Interbike test: Turner 5.Spot – the best dw-link bike yet

We ride it in Bootleg Canyon, Nevada

At Interbike’s Outdoor Demo in Bootleg Canyon, Nevada today we got to throw a leg over Dave Turner’s new 5.Spot, mid-travel bike. It’s good. Very, very good.


In fact it might well be the best dw-link yet. That’s certainly the opinion of Steve “world’s most experienced bike tester” Worland from What Mountain Bike and Mountain Biking UK magazines who came back from riding a 5.Spot gushing about its unflappable suspension. He had been almost unable to get it to bob, even with the Fox Shox’s Propedal turned off. Only deliberate flailing had disturbed the bike’s balance, and even then not by very much.

Our riding revealed the same things. That superb dw-link rear end keeps the rear wheel firmly planted and pedals with nary a hint of wasted energy. It’s a suspension action that you genuinely don’t notice till you realize the rockpile you just flew over didn’t rattle your teeth.

Of course, there’s a lot more to a bike than just the rear suspension. The 5.Spot has perfectly sorted trail bike handling: straight-line stable, yet nimble enough to whip around tight switchbacks thanks to its sharp cornering. It might be a shade too sharp for some, but on one of the bikes we rode a wider bar helped tame it.

The bushing-equipped pivots are smoother than one would expect and, if you believe the engineering claims, should last longer with their higher load ratings and built-in grease fittings. Our test bikes weren’t particularly light but excellent pedaling performance largely makes up for it (and the 1250g wheels didn’t hurt, either).  And damn, it does look good.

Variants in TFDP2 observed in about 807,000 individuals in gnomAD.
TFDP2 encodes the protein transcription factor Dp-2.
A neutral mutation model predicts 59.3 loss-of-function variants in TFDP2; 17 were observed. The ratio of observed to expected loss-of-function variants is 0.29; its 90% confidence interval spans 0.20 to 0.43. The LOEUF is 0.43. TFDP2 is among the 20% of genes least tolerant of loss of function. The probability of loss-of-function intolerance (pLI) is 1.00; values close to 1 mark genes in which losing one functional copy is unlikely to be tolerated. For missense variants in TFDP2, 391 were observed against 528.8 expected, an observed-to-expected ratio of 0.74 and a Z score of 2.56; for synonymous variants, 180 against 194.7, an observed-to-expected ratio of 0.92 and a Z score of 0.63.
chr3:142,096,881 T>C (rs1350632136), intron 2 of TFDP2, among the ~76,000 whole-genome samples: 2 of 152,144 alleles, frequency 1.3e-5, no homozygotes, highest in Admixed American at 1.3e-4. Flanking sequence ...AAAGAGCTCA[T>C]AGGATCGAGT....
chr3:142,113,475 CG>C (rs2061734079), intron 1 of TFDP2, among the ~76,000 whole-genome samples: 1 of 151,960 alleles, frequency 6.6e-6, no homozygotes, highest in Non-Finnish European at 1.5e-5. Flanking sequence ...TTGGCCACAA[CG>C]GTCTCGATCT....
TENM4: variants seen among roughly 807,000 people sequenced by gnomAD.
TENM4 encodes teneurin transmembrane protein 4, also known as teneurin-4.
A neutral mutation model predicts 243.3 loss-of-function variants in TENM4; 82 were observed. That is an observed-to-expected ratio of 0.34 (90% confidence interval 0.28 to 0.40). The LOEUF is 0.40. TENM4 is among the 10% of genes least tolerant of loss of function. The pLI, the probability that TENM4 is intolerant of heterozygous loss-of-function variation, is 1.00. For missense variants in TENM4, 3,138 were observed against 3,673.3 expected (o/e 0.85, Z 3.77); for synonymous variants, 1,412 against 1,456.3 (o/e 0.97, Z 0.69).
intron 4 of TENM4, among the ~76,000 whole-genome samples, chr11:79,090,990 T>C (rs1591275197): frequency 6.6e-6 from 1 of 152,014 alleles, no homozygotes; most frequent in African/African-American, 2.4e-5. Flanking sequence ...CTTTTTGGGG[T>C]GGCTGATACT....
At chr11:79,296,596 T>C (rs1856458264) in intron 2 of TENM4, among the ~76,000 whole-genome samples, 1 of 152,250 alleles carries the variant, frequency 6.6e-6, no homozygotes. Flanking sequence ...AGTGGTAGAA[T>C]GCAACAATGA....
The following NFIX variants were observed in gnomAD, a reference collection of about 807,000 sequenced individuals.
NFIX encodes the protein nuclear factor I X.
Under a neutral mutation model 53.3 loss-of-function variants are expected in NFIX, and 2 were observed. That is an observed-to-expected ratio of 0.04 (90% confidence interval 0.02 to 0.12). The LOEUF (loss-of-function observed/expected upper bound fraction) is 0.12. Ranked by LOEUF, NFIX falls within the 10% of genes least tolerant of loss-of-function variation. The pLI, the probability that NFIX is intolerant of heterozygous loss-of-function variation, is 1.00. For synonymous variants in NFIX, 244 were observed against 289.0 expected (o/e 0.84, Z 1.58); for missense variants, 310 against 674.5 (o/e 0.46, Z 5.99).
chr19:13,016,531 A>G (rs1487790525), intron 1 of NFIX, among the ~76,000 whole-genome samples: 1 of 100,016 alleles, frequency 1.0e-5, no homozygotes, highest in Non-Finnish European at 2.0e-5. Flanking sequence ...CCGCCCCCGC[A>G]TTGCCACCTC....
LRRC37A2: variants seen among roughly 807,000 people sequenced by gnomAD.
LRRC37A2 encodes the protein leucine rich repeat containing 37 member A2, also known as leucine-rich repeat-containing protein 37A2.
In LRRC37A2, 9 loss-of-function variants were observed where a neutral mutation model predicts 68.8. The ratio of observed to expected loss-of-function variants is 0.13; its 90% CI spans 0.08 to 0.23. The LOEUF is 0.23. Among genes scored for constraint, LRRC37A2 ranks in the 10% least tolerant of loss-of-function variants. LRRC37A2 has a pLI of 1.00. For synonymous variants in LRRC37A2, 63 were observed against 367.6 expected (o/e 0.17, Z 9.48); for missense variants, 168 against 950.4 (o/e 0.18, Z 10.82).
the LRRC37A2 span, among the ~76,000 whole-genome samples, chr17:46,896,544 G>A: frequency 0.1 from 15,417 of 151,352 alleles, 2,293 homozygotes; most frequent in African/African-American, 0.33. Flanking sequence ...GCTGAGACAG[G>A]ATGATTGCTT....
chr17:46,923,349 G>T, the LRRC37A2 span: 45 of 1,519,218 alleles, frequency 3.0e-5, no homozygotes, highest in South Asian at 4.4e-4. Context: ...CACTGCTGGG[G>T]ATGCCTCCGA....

The buzz builds

The turner five spot’s impeccable trail manners, demonstrated by technical editor james huang.: the turner five spot’s impeccable trail manners, demonstrated by technical editor james huang.
John Stevenson

Turner’s announcement just before last month’s Eurobike show that he was switching to the dw-link suspension design was a big surprise. But Turner fans – who tend to be deeply loyal – suspended skepticism about Turner’s third major suspension design and decided to wait to see how the bikes actually rode. They haven’t been disappointed.

Turner’s booth was one of the most popular at the Outdoor Demo and even we pampered and spoiled members of the meejyah could only get a bike by booking one hours in advance.

There was already a riders’ buzz around the new Turners. One importer, who handles another manufacturer’s dw-link bike, was raving when I bumped into him Monday afternoon about the Turner’s firm but active and unflappable ride.

Three of us – technical editor James Huang, Steve Worland and myself – took off into the trails of Bootleg Canyon on Turner 5.Spots. Steve’s perspective was especially interesting as he literally gave back one dw-link bike and hopped aboard the Turner, immediately finding that the Turner suffered far less from pedal-induced movement.

Bike with dw-link suspension seem to be very sensitive to the exact positioning of the link end points, and Turner has nailed it here, on first impressions at least.

On one trail full of gee-outs, the Turner’s resistance to bottoming came to the fore. Some bikes blam right through their travel on these steep in-and-out trails, but the Turner always felt like it had something in reserve. It wasn’t fazed at all by the transition from steep down to steep up.


There are lots of nice touches to the 5.Spot, like the cable mounts that allow for fully-enclosed cables to help maintain sifting efficiency in the face of outrageous weather (or dust).